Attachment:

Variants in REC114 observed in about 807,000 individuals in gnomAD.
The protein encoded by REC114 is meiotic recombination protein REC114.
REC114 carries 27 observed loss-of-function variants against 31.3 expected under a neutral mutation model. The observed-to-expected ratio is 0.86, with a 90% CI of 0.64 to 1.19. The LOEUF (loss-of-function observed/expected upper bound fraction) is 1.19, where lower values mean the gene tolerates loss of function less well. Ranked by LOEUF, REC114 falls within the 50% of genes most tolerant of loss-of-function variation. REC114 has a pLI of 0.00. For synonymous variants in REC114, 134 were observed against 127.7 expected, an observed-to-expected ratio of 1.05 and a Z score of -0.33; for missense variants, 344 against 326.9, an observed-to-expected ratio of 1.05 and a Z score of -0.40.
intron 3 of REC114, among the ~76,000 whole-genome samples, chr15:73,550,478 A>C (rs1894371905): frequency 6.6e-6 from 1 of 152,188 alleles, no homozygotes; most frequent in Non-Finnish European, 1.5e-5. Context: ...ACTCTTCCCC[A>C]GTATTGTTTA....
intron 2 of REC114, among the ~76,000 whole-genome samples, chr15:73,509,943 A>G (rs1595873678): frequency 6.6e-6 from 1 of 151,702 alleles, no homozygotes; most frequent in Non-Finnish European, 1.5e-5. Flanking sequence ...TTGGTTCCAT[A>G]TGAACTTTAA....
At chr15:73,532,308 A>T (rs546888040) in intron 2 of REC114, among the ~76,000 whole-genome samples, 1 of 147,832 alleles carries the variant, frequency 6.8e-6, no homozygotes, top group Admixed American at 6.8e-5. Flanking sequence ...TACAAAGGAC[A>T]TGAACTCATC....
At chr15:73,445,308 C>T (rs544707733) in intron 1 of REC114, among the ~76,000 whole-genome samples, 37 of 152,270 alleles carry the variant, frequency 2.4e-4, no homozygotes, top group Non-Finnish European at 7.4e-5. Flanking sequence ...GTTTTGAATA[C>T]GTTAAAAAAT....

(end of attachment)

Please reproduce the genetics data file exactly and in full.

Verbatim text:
Variants in REC114 observed in about 807,000 individuals in gnomAD.
The protein encoded by REC114 is meiotic recombination protein REC114.
REC114 carries 27 observed loss-of-function variants against 31.3 expected under a neutral mutation model. The observed-to-expected ratio is 0.86, with a 90% CI of 0.64 to 1.19. The LOEUF (loss-of-function observed/expected upper bound fraction) is 1.19, where lower values mean the gene tolerates loss of function less well. Ranked by LOEUF, REC114 falls within the 50% of genes most tolerant of loss-of-function variation. REC114 has a pLI of 0.00. For synonymous variants in REC114, 134 were observed against 127.7 expected, an observed-to-expected ratio of 1.05 and a Z score of -0.33; for missense variants, 344 against 326.9, an observed-to-expected ratio of 1.05 and a Z score of -0.40.
intron 3 of REC114, among the ~76,000 whole-genome samples, chr15:73,550,478 A>C (rs1894371905): frequency 6.6e-6 from 1 of 152,188 alleles, no homozygotes; most frequent in Non-Finnish European, 1.5e-5. Context: ...ACTCTTCCCC[A>C]GTATTGTTTA....
intron 2 of REC114, among the ~76,000 whole-genome samples, chr15:73,509,943 A>G (rs1595873678): frequency 6.6e-6 from 1 of 151,702 alleles, no homozygotes; most frequent in Non-Finnish European, 1.5e-5. Flanking sequence ...TTGGTTCCAT[A>G]TGAACTTTAA....
At chr15:73,532,308 A>T (rs546888040) in intron 2 of REC114, among the ~76,000 whole-genome samples, 1 of 147,832 alleles carries the variant, frequency 6.8e-6, no homozygotes, top group Admixed American at 6.8e-5. Flanking sequence ...TACAAAGGAC[A>T]TGAACTCATC....
At chr15:73,445,308 C>T (rs544707733) in intron 1 of REC114, among the ~76,000 whole-genome samples, 37 of 152,270 alleles carry the variant, frequency 2.4e-4, no homozygotes, top group Non-Finnish European at 7.4e-5. Flanking sequence ...GTTTTGAATA[C>T]GTTAAAAAAT....